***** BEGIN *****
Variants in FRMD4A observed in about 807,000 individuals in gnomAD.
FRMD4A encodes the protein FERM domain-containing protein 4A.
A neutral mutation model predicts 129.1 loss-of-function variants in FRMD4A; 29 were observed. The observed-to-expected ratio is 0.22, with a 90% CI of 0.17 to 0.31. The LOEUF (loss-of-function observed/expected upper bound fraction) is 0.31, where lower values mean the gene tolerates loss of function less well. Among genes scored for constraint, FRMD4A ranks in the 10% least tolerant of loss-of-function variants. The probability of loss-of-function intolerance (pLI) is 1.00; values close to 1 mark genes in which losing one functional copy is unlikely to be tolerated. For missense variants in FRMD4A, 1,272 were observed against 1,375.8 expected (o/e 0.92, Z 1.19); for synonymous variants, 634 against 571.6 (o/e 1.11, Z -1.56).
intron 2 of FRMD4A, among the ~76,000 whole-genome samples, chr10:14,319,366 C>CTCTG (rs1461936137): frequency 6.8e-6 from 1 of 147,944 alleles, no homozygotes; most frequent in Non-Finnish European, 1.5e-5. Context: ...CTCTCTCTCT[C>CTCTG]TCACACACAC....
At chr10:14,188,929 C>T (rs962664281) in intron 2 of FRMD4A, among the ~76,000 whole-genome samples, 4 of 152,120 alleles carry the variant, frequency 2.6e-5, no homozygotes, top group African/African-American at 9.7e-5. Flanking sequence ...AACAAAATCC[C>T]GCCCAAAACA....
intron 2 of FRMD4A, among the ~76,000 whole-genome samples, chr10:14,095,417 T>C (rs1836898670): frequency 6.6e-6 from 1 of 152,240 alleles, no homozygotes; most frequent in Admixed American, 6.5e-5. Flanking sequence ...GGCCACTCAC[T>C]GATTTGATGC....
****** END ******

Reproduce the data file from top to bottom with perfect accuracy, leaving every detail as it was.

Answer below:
Variants in FRMD4A observed in about 807,000 individuals in gnomAD.
FRMD4A encodes the protein FERM domain-containing protein 4A.
A neutral mutation model predicts 129.1 loss-of-function variants in FRMD4A; 29 were observed. The observed-to-expected ratio is 0.22, with a 90% CI of 0.17 to 0.31. The LOEUF (loss-of-function observed/expected upper bound fraction) is 0.31, where lower values mean the gene tolerates loss of function less well. Among genes scored for constraint, FRMD4A ranks in the 10% least tolerant of loss-of-function variants. The probability of loss-of-function intolerance (pLI) is 1.00; values close to 1 mark genes in which losing one functional copy is unlikely to be tolerated. For missense variants in FRMD4A, 1,272 were observed against 1,375.8 expected (o/e 0.92, Z 1.19); for synonymous variants, 634 against 571.6 (o/e 1.11, Z -1.56).
intron 2 of FRMD4A, among the ~76,000 whole-genome samples, chr10:14,319,366 C>CTCTG (rs1461936137): frequency 6.8e-6 from 1 of 147,944 alleles, no homozygotes; most frequent in Non-Finnish European, 1.5e-5. Context: ...CTCTCTCTCT[C>CTCTG]TCACACACAC....
At chr10:14,188,929 C>T (rs962664281) in intron 2 of FRMD4A, among the ~76,000 whole-genome samples, 4 of 152,120 alleles carry the variant, frequency 2.6e-5, no homozygotes, top group African/African-American at 9.7e-5. Flanking sequence ...AACAAAATCC[C>T]GCCCAAAACA....
intron 2 of FRMD4A, among the ~76,000 whole-genome samples, chr10:14,095,417 T>C (rs1836898670): frequency 6.6e-6 from 1 of 152,240 alleles, no homozygotes; most frequent in Admixed American, 6.5e-5. Flanking sequence ...GGCCACTCAC[T>C]GATTTGATGC....